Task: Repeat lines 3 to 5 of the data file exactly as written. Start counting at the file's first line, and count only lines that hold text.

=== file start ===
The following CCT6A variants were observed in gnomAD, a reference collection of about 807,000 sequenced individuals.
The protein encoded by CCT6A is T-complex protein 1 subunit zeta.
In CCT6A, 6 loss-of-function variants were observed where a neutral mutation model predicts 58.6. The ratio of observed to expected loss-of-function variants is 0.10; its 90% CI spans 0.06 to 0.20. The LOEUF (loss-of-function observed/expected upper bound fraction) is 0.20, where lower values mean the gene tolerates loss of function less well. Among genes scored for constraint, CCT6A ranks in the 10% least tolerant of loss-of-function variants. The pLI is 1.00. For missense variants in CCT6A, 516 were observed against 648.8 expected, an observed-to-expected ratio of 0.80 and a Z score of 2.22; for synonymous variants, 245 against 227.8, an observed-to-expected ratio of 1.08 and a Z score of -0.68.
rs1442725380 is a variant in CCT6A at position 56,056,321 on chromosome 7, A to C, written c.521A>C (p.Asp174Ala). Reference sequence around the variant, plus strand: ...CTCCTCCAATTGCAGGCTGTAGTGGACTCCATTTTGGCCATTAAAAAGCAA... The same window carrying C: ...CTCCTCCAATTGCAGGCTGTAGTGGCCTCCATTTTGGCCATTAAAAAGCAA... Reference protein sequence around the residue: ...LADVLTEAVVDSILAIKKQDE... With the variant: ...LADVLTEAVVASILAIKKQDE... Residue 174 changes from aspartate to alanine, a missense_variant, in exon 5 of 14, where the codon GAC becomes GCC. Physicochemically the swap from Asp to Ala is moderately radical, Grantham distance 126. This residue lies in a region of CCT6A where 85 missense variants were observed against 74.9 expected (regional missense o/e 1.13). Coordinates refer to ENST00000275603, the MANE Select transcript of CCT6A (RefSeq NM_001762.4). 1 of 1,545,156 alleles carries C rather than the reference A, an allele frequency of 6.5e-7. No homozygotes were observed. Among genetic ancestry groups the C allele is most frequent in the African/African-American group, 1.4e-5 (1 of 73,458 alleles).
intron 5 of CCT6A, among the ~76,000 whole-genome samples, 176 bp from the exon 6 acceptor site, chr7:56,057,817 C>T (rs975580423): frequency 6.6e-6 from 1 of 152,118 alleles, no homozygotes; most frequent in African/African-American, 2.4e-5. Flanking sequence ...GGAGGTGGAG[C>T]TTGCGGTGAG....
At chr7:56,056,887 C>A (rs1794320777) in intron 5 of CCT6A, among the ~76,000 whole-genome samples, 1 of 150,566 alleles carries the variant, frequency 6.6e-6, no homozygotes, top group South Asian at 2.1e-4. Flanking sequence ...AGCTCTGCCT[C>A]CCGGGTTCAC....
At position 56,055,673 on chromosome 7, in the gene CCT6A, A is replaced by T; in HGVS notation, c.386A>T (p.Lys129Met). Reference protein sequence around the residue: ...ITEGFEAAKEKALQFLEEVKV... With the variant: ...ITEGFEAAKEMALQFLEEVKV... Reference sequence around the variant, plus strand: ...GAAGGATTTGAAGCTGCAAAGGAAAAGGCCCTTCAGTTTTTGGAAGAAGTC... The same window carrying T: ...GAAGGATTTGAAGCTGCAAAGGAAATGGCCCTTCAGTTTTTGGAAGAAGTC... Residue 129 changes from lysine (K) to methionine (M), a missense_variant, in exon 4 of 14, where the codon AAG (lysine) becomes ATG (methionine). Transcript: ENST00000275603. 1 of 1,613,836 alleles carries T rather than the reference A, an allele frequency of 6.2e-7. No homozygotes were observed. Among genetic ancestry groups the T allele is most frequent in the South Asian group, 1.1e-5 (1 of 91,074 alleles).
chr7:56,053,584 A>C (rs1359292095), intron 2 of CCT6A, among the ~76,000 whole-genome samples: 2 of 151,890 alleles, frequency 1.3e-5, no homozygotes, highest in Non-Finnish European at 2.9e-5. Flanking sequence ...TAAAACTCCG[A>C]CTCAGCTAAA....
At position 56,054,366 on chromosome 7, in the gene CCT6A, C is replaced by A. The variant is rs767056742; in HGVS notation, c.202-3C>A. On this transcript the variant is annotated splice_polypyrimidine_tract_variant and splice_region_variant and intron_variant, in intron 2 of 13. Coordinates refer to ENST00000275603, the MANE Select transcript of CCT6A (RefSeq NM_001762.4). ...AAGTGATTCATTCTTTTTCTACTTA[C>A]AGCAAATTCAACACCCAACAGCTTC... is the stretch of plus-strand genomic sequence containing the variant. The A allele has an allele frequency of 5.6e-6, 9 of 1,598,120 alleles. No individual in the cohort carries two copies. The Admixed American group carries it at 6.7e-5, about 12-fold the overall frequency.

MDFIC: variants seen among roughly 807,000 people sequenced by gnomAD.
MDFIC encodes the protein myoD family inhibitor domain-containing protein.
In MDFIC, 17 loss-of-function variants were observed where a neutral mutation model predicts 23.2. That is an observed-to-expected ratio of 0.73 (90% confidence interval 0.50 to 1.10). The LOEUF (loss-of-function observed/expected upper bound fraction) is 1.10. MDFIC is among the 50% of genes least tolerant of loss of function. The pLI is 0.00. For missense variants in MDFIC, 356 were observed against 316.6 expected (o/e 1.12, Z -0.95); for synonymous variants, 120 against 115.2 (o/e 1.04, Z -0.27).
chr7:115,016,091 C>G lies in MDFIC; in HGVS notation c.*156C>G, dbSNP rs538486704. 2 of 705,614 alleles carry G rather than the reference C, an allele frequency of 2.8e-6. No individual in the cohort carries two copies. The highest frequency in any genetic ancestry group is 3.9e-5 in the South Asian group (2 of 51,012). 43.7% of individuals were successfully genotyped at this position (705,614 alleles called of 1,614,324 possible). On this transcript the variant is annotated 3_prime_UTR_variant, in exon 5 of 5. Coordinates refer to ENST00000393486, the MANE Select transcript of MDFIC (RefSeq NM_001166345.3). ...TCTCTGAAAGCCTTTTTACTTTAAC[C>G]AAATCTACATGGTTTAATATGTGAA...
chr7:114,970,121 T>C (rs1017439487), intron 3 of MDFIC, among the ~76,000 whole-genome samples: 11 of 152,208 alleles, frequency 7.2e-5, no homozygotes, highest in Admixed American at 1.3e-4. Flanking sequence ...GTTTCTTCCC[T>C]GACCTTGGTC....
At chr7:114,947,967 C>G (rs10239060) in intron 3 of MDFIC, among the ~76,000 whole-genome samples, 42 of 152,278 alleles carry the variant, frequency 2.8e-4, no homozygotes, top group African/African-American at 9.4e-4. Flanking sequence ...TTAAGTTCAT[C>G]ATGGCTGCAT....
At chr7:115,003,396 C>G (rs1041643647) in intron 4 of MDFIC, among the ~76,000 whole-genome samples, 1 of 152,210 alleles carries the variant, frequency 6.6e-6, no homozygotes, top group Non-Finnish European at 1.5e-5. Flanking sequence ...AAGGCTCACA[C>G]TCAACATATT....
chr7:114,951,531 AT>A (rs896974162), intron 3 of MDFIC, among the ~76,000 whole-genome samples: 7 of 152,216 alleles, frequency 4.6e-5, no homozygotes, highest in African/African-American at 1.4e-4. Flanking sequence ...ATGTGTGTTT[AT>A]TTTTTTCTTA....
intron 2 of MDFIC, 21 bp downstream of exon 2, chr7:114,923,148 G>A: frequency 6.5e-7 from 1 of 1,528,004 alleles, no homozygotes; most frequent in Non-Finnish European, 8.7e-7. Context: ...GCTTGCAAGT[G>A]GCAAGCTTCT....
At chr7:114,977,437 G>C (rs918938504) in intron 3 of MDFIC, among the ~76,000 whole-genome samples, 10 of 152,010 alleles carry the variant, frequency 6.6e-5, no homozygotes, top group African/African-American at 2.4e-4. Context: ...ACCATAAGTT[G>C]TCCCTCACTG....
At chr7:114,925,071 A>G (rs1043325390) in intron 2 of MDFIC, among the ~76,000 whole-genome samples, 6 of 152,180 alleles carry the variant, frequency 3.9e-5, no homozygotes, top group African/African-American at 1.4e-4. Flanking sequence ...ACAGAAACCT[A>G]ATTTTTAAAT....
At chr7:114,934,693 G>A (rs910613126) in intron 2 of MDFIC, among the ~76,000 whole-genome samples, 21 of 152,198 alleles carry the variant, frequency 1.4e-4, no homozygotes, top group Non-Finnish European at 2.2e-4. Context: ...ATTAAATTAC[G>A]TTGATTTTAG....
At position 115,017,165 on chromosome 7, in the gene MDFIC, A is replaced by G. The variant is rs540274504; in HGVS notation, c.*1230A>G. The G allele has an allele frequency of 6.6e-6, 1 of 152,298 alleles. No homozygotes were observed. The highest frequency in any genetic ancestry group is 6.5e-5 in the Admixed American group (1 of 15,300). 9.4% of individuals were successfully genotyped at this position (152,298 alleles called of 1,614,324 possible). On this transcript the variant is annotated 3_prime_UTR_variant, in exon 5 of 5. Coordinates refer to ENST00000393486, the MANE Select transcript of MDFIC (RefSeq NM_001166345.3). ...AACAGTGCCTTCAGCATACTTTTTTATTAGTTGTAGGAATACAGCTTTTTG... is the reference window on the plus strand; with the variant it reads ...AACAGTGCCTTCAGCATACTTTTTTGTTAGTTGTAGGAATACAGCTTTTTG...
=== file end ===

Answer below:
In CCT6A, 6 loss-of-function variants were observed where a neutral mutation model predicts 58.6. The ratio of observed to expected loss-of-function variants is 0.10; its 90% CI spans 0.06 to 0.20. The LOEUF (loss-of-function observed/expected upper bound fraction) is 0.20, where lower values mean the gene tolerates loss of function less well. Among genes scored for constraint, CCT6A ranks in the 10% least tolerant of loss-of-function variants. The pLI is 1.00. For missense variants in CCT6A, 516 were observed against 648.8 expected, an observed-to-expected ratio of 0.80 and a Z score of 2.22; for synonymous variants, 245 against 227.8, an observed-to-expected ratio of 1.08 and a Z score of -0.68.
rs1442725380 is a variant in CCT6A at position 56,056,321 on chromosome 7, A to C, written c.521A>C (p.Asp174Ala). Reference sequence around the variant, plus strand: ...CTCCTCCAATTGCAGGCTGTAGTGGACTCCATTTTGGCCATTAAAAAGCAA... The same window carrying C: ...CTCCTCCAATTGCAGGCTGTAGTGGCCTCCATTTTGGCCATTAAAAAGCAA... Reference protein sequence around the residue: ...LADVLTEAVVDSILAIKKQDE... With the variant: ...LADVLTEAVVASILAIKKQDE... Residue 174 changes from aspartate to alanine, a missense_variant, in exon 5 of 14, where the codon GAC becomes GCC. Physicochemically the swap from Asp to Ala is moderately radical, Grantham distance 126. This residue lies in a region of CCT6A where 85 missense variants were observed against 74.9 expected (regional missense o/e 1.13). Coordinates refer to ENST00000275603, the MANE Select transcript of CCT6A (RefSeq NM_001762.4). 1 of 1,545,156 alleles carries C rather than the reference A, an allele frequency of 6.5e-7. No homozygotes were observed. Among genetic ancestry groups the C allele is most frequent in the African/African-American group, 1.4e-5 (1 of 73,458 alleles).
intron 5 of CCT6A, among the ~76,000 whole-genome samples, 176 bp from the exon 6 acceptor site, chr7:56,057,817 C>T (rs975580423): frequency 6.6e-6 from 1 of 152,118 alleles, no homozygotes; most frequent in African/African-American, 2.4e-5. Flanking sequence ...GGAGGTGGAG[C>T]TTGCGGTGAG....